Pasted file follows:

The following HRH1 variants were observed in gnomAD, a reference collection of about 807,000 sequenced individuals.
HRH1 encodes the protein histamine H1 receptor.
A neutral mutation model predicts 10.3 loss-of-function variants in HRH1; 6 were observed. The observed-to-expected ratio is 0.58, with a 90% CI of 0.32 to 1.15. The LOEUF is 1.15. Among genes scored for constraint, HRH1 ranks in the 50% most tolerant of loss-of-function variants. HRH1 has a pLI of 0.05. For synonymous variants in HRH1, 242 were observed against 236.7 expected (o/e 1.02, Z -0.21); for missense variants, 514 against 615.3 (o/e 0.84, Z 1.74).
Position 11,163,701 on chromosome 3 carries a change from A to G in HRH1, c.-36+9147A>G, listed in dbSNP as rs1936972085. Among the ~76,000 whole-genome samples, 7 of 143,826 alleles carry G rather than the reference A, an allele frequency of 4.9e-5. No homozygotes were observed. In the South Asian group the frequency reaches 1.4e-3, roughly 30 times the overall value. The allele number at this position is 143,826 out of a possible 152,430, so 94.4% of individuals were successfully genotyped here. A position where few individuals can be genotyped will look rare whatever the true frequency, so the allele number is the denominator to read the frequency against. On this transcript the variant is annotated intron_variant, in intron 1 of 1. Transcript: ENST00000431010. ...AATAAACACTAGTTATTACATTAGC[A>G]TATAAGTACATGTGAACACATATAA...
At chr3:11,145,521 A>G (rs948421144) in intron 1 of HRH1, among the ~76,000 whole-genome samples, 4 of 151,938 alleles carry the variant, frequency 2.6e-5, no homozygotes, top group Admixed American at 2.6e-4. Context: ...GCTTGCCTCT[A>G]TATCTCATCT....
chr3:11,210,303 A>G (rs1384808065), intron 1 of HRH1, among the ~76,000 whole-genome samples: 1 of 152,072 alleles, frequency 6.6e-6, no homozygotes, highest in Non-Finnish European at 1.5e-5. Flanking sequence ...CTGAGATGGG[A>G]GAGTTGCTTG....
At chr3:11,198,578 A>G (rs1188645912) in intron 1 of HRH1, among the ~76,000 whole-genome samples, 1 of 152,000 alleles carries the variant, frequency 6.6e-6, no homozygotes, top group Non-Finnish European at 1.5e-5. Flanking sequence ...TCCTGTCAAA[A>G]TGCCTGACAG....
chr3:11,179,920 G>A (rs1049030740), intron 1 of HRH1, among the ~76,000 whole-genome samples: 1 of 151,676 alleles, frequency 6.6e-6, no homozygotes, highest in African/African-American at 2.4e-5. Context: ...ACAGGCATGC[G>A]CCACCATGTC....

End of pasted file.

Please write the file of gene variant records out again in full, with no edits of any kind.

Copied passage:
The following HRH1 variants were observed in gnomAD, a reference collection of about 807,000 sequenced individuals.
HRH1 encodes the protein histamine H1 receptor.
A neutral mutation model predicts 10.3 loss-of-function variants in HRH1; 6 were observed. The observed-to-expected ratio is 0.58, with a 90% CI of 0.32 to 1.15. The LOEUF is 1.15. Among genes scored for constraint, HRH1 ranks in the 50% most tolerant of loss-of-function variants. HRH1 has a pLI of 0.05. For synonymous variants in HRH1, 242 were observed against 236.7 expected (o/e 1.02, Z -0.21); for missense variants, 514 against 615.3 (o/e 0.84, Z 1.74).
Position 11,163,701 on chromosome 3 carries a change from A to G in HRH1, c.-36+9147A>G, listed in dbSNP as rs1936972085. Among the ~76,000 whole-genome samples, 7 of 143,826 alleles carry G rather than the reference A, an allele frequency of 4.9e-5. No homozygotes were observed. In the South Asian group the frequency reaches 1.4e-3, roughly 30 times the overall value. The allele number at this position is 143,826 out of a possible 152,430, so 94.4% of individuals were successfully genotyped here. A position where few individuals can be genotyped will look rare whatever the true frequency, so the allele number is the denominator to read the frequency against. On this transcript the variant is annotated intron_variant, in intron 1 of 1. Transcript: ENST00000431010. ...AATAAACACTAGTTATTACATTAGC[A>G]TATAAGTACATGTGAACACATATAA...
At chr3:11,145,521 A>G (rs948421144) in intron 1 of HRH1, among the ~76,000 whole-genome samples, 4 of 151,938 alleles carry the variant, frequency 2.6e-5, no homozygotes, top group Admixed American at 2.6e-4. Context: ...GCTTGCCTCT[A>G]TATCTCATCT....
chr3:11,210,303 A>G (rs1384808065), intron 1 of HRH1, among the ~76,000 whole-genome samples: 1 of 152,072 alleles, frequency 6.6e-6, no homozygotes, highest in Non-Finnish European at 1.5e-5. Flanking sequence ...CTGAGATGGG[A>G]GAGTTGCTTG....
At chr3:11,198,578 A>G (rs1188645912) in intron 1 of HRH1, among the ~76,000 whole-genome samples, 1 of 152,000 alleles carries the variant, frequency 6.6e-6, no homozygotes, top group Non-Finnish European at 1.5e-5. Flanking sequence ...TCCTGTCAAA[A>G]TGCCTGACAG....
chr3:11,179,920 G>A (rs1049030740), intron 1 of HRH1, among the ~76,000 whole-genome samples: 1 of 151,676 alleles, frequency 6.6e-6, no homozygotes, highest in African/African-American at 2.4e-5. Context: ...ACAGGCATGC[G>A]CCACCATGTC....